Gull Lake Ready for Challenge of Adding to 2022 Finals Runner-up Finish

By Pam Shebest
Special for

April 20, 2023

RICHLAND — Hank Livingston is a prime example of how fickle a golf course can be and why it is important not to give up.

Southwest CorridorThe Gull Lake sophomore started last year’s MHSAA Lower Peninsula Division 2 Golf Championship carding an 11 on the first hole of the second round.

“He’s my No. 2 and makes an 11,” coach T.R. Walters said, shaking his head. 

But Livingston shook it off and ended with a 79 for the round.

“He literally birdied the next two holes,” Walters said. “Flint Powers coach said to me, did you see what happened to your No. 2?

“I said, yeah, I was in the tall stuff with him.”

The Powers coach specified on the green.

“I was like, what?” Walters said. “He literally whiffed a putt that was two or three inches.”

Walters said he could not believe it. “(Livingston) said, ‘Coach, I just whiffed a putt for 10,” Walters said. “He goes, ‘I reached over to tap it in and I just bounced my club over it.’”

Neither Walters nor Livingston panicked.

“The way he said it to me, I was like, ‘This kid is absolutely fine.’ Then he birdied his last two holes,” Walters recalled. “You throw an 11 in as a freshman, and you don’t just quit. That’s a pretty good sign.”

It was a great sign.

The Blue Devils finished runner-up to Bloomfield Hills Brother Rice at the Final with Livingston tied for 18th individually with a 157 at The Meadows at Grand Valley State.

From left: Gull Lake boys golf coach T.R. Walters, Will Beardsley and Beau Carr. Things may be a bit tougher this year with the graduation of Bryce Wheeler, who won the medalist honor that weekend and was named Michigan’s Mr. Golf last spring.

However, the team is off to another successful start this season, winning the Greater Kalamazoo Tournament and the Coldwater Invitational.

Will Beardsley, who was part of a Division 2 championship in the fall with Gull Lake’s boys soccer team, said with Wheeler gone, everyone needs raise their games this year.

“Consistency is a big thing for us this year,” he said. “As long as everyone can play consistently and we all play as a team and have each other’s backs. If someone isn’t playing well one day, another guy can step up.

“Last year was a lot of a one-man show. This year, we’re definitely more balanced. Everyone’s contributing more this year rather than just one guy going 4-under.”

As the lone senior on the team, Beardsley, nicknamed “Will the Thrill” by his coach, said he feels like the “old man.”

“I see my role as having the experience,” he said. “If there are questions about rulings, I’ve had a couple more years experience, so I can usually answer those.

“I can tell them what a match day will look like and what we’re going to do on the range, what we’re going to do on the putting green, the ins and outs of what we do off the course.”

Beardsley got hooked on golf at age 5 from his grandfather, Bud Baldwin, who coached golf at Portage Northern High School.

Another Blue Devil with a bit of golf history is sophomore Chase Kosin, who is the great grandson of Letha and Darl Scott who started Gull Lakeview Golf Course in Richland in 1962.

Gull Lake does most of its practicing at the course, but Bedford Valley’s North Course is the team’s home course.

Beardsley works on his short game during a practice this spring. “Chase cracks me up,” Walters said. “I see so much of his grandpa in him. If there’s a piece of trash on the golf course, it goes in his golf bag.

“He’s an outstanding kid. He just gets better and better. His uncle (Casey Scott) played one PGA Tour, the Buick Open.”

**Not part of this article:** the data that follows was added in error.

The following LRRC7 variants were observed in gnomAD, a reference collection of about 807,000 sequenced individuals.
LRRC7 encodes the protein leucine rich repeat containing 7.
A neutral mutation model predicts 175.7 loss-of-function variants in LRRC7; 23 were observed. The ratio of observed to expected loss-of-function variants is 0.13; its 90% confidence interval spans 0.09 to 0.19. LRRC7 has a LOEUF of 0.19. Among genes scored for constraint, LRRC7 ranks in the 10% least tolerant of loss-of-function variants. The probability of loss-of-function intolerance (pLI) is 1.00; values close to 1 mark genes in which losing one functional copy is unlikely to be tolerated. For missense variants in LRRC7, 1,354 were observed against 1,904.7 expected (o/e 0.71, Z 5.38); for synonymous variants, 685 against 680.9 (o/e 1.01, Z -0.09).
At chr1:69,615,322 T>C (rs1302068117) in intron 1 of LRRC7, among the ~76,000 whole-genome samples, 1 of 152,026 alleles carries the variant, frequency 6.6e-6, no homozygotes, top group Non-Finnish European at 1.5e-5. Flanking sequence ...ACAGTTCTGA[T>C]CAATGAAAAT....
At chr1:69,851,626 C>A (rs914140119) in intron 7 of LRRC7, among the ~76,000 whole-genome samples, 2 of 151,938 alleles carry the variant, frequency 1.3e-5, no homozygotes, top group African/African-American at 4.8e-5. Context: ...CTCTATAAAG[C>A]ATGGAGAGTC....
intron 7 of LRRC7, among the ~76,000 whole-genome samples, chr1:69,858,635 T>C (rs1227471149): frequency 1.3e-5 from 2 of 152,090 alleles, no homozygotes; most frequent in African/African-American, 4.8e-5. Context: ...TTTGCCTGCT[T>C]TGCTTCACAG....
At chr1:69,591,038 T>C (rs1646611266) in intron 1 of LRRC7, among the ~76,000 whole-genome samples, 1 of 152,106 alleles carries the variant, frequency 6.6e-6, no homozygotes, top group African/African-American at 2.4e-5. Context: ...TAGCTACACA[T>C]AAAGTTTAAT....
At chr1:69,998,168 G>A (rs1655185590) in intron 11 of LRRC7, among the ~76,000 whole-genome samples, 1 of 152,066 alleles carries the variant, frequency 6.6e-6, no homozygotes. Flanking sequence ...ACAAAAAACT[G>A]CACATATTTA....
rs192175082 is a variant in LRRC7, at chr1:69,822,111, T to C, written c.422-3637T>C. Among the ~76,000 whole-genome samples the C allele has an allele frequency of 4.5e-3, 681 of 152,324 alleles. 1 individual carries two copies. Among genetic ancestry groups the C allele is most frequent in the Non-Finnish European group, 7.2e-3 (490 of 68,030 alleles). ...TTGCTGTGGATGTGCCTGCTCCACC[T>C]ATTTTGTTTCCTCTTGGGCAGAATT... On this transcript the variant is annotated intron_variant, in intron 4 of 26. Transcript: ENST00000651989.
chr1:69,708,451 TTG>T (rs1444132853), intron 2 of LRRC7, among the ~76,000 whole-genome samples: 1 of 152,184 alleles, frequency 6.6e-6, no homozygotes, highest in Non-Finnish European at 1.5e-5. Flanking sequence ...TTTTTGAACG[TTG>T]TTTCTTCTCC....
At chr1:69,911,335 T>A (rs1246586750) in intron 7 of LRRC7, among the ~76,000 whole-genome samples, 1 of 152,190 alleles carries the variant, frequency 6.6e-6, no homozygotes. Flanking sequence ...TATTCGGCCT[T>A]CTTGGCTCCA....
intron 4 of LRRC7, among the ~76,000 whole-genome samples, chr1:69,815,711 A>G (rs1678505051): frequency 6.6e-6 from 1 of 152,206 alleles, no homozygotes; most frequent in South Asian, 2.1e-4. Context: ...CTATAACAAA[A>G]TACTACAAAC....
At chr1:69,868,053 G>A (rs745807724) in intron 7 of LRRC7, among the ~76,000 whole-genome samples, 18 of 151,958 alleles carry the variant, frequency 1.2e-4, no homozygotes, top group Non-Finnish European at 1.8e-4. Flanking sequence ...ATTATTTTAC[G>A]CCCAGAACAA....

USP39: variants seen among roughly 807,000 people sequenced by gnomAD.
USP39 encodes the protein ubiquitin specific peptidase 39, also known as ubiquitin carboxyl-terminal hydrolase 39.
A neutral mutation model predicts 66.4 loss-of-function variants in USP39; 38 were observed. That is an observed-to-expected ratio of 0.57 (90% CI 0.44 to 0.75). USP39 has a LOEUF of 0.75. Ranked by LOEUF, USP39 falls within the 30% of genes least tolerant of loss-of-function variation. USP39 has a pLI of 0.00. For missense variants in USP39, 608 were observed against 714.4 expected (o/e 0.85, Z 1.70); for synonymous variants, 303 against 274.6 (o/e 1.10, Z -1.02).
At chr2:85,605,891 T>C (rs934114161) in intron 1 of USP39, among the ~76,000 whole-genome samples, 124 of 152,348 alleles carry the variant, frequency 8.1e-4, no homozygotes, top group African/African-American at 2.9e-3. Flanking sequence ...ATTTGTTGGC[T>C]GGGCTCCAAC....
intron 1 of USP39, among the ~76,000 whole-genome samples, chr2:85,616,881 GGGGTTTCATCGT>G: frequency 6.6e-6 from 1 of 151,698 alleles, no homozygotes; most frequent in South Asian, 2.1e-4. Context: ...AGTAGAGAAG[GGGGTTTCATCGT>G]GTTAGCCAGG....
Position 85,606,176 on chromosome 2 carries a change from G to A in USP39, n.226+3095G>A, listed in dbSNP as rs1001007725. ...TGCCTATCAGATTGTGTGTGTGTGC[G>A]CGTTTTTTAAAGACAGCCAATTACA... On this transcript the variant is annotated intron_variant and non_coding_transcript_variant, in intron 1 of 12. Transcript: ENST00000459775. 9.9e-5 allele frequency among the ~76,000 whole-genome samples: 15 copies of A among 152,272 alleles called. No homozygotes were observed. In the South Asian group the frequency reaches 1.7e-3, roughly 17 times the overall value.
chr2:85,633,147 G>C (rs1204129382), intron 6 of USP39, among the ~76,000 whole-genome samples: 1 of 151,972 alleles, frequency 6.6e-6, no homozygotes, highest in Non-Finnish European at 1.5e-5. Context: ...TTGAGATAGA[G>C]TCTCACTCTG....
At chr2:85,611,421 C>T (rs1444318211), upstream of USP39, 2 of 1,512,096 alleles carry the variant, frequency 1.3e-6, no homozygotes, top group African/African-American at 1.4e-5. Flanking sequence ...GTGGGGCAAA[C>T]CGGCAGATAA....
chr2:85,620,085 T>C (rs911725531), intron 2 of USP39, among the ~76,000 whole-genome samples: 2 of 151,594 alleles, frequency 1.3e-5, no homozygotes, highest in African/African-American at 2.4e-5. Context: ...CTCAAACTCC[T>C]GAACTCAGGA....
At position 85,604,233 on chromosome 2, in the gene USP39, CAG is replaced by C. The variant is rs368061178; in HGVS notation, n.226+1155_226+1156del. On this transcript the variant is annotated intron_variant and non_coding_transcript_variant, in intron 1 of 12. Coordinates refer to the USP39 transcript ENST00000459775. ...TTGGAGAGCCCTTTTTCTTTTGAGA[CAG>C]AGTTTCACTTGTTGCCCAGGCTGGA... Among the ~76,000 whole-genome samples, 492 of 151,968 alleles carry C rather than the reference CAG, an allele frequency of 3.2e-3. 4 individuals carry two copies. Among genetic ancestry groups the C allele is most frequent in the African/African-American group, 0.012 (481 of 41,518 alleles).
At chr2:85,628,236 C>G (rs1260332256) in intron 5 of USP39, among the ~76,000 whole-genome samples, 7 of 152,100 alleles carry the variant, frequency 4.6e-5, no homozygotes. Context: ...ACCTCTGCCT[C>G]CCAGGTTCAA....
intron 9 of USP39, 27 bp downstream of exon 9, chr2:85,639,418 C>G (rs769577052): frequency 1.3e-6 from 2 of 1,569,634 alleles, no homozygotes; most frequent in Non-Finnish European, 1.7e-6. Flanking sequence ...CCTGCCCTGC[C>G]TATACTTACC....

Livingston also has a bit of golfing history. His uncle, Tom Harding, who played golf at Michigan State University, is in the Michigan Golf Hall of Fame.

Another returning golfer is junior Ben Szabo.

“Our No. 3 last year, he had an outstanding fall and played a bunch of junior tournaments,” Walters said. “He started playing significantly better golf. He’s also one of those kids who absolutely loves being on the golf course all the time.”

Walters is getting some help from an unexpected source. Junior Beau Carr, who was Plainwell’s No. 1 golfer last season, moved into the district.

“He’s amazing,” Beardsley said of Carr. “He’s fun to be around, a great player, hopefully will fill that missing spot that we lost this year.”

Carr also has some state tournament experience. As a freshman in 2021, he was on the Plainwell team that advanced to the LPD2 Final and finished 18th.

“Me and four seniors,” he said. “Once they graduated, the next year was a lot tougher.”

He added it was the first time that “Plainwell made it to state in 17 years. It was a big accomplishment for us.”

Walters, who teaches social studies in the middle school, is a Gull Lake grad whose main sport was baseball.

He did not take up golf until he suffered a knee injury playing basketball at Kellogg Community College.

“One of the first times playing golf was actually at Ballybunion Golf Course (in County Kerry,) Ireland,” he said. “I was over there playing basketball in a tournament and played Ballybunion and thought it was kind of fun.”

Once Walters found out he had the eye-hand coordination for golf, he was hooked.

He has worked the last 24 years at Bedford Valley Golf Course in Battle Creek and plays every day he can.

“I got to the point where I could qualify to play the Michigan Open and a few events like that … before kids,” he added.

Carr summed up the feelings of many golfers when he said, “It’s a challenge. You’re never going to figure it out.

“There’s one day you’re going to play great and the next day you feel like you haven’t hit a golf ball in two weeks. That sucks, but it’s all a part of the ride.”

Pam ShebestPam Shebest served as a sportswriter at the Kalamazoo Gazette from 1985-2009 after 11 years part-time with the Gazette while teaching French and English at White Pigeon High School. She can be reached at [email protected] with story ideas for Calhoun, Kalamazoo and Van Buren counties.

PHOTOS (Top) Gull Lake’s Ben Szabo tees off during last season’s LPD2 Final at The Meadows at Grand Valley State. (Middle) From left: Gull Lake boys golf coach T.R. Walters, Will Beardsley and Beau Carr. (Below) Beardsley works on his short game during a practice this spring. (Top photo by High School Sports Scene. All other photos by Pam Shebest.)

Hockey Players Transferring Winter Puck Skills to Spring Golf Swings